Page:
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Updated on Friday, January 15, 2016
According to Chairman Mike Dunlap, Nelnet’s overall mission is to “make educational dreams possible.” It’s headquartered in Lincoln, Nebraska, and more than five million borrowers have their student loans (federal and private) serviced by Nelnet.
Unfortunately, as a federal student loan borrower, you don’t get to choose the company that services your loans. While the U.S. Department of Education remains the owner of your loans, you’re assigned to one of ten federal student loan servicers when your loans are disbursed. Nelnet is one of those ten.
If your student loans are serviced through Nelnet and you’d like to get a better idea of what to expect in terms of customer service, information and services available through the website, and how to dispute an issue with Nelnet, read on.
Overview of Nelnet
Nelnet’s website is fairly easy to navigate, and all the important information is provided on the front page in a grid pattern. Pages worth a visit include:
- Lower your payment with a new repayment plan: A large amount of federal student loan borrowers aren’t aware that they can apply for a different repayment plan and lower their minimum student loan payment. If you’re experiencing financial difficulty, you should check to see what options are available to you. Nelnet provides a chart that compares all the repayment options, and it also gives you instructions on how to change your plan.
- Postpone your payments with deferment or forbearance: Similar to the page above, it’s useful to know when you’re eligible to hit “pause” on your student loan payments. Forbearance and deferment are temporary fixes, whereas repayment plans tend to be more permanent. Either one will help in the event you hit a rough spot with your finances. Nelnet breaks down the different types of deferment borrowers may be eligible for, and explains how you can apply.
- Get financially fit: This is Nelnet’s library of financial knowledge that any recent graduate can benefit from. There are worksheets for budgets, tips on how to use credit responsibly, how to safeguard yourself from identity theft, a worksheet for your financial goals, and more.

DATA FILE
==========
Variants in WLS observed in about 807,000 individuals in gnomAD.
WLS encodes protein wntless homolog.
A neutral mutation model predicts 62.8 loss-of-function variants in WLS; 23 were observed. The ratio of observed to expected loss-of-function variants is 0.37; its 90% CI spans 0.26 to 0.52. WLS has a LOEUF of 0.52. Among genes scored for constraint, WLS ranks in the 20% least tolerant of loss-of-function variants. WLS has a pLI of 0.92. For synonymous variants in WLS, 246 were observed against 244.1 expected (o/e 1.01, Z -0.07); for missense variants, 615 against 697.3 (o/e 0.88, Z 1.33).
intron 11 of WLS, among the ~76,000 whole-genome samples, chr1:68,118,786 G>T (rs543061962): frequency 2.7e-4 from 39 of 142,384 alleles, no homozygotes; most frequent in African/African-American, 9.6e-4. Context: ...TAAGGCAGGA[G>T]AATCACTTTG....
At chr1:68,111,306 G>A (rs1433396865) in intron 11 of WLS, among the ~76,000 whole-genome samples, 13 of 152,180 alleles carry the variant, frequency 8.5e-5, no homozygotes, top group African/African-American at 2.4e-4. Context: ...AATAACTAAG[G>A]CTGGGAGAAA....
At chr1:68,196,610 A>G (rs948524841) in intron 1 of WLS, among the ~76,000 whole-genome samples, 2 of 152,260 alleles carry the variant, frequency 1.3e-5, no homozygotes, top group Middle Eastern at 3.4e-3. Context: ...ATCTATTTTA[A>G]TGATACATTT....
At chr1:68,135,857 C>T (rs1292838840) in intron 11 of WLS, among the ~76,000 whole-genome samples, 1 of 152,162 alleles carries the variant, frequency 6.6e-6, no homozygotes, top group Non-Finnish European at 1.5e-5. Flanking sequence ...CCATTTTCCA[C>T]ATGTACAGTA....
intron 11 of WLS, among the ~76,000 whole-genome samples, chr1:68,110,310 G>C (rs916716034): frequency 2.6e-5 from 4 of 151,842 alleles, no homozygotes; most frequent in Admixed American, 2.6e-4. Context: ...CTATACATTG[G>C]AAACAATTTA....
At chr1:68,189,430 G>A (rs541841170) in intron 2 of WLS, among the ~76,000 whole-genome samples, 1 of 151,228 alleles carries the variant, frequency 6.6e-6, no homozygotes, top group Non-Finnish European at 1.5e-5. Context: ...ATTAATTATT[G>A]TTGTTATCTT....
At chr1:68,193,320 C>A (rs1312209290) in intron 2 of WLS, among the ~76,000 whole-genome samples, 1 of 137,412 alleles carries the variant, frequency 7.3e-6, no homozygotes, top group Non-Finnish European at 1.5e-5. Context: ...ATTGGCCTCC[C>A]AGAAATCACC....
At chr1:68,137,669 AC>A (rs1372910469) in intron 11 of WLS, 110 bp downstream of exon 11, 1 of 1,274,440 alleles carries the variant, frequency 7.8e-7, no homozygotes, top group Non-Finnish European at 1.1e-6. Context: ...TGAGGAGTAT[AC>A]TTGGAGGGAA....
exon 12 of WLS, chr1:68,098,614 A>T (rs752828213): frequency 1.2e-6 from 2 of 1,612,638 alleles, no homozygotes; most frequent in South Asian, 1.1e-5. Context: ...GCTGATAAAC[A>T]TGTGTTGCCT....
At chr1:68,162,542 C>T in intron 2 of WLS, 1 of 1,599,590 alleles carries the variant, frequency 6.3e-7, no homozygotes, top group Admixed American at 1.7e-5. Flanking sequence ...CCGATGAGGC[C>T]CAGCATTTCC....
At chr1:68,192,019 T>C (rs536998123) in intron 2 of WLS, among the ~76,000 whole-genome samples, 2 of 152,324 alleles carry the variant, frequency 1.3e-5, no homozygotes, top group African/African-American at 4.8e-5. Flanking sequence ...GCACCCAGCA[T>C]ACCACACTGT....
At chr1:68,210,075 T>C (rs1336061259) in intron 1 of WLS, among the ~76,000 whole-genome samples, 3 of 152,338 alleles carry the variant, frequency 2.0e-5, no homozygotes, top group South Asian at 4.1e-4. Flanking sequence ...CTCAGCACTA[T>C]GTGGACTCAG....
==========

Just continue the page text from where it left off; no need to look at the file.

- FAQ: Every loan servicer has one, but it’s worth reviewing the popular questions so you know what to expect. For example, Nelnet covers making payments, how to opt-in to automatic debits, how payments are applied, payoff and tax information, and what happens when your loans become delinquent.
Many loan servicers offer knowledge centers that borrowers aren’t aware of. It pays to familiarize yourself with the site as you’ll likely be spending a lot of time there throughout your student loan payoff journey.
What Borrowers Are Saying
Nelnet has had 343 complaints closed with the Better Business Bureau in the last three years at the time of writing. The most common problem cited involves the product and service offered, as well as billing and collection services.
Some complaints are in reference to Nelnet reporting loans incorrectly to the credit bureaus, with loans showing as delinquent or default when they were paid. Other complaints are about the lack of customer service – borrowers have attempted to contact Nelnet several times, or have tried to submit paperwork, and Nelnet insists it hasn’t received anything from the borrower.
In a post on The College Investor about Nelnet, many people have commented that they’ve experienced difficulty in getting their loans paid down properly. Among their complaint were that Nelnet fails to acknowledge payments at times, doesn’t communicate clearly with borrowers when their loan is transferred, and sometimes drops the ball when borrowers apply for forgiveness, discharge, or forbearance.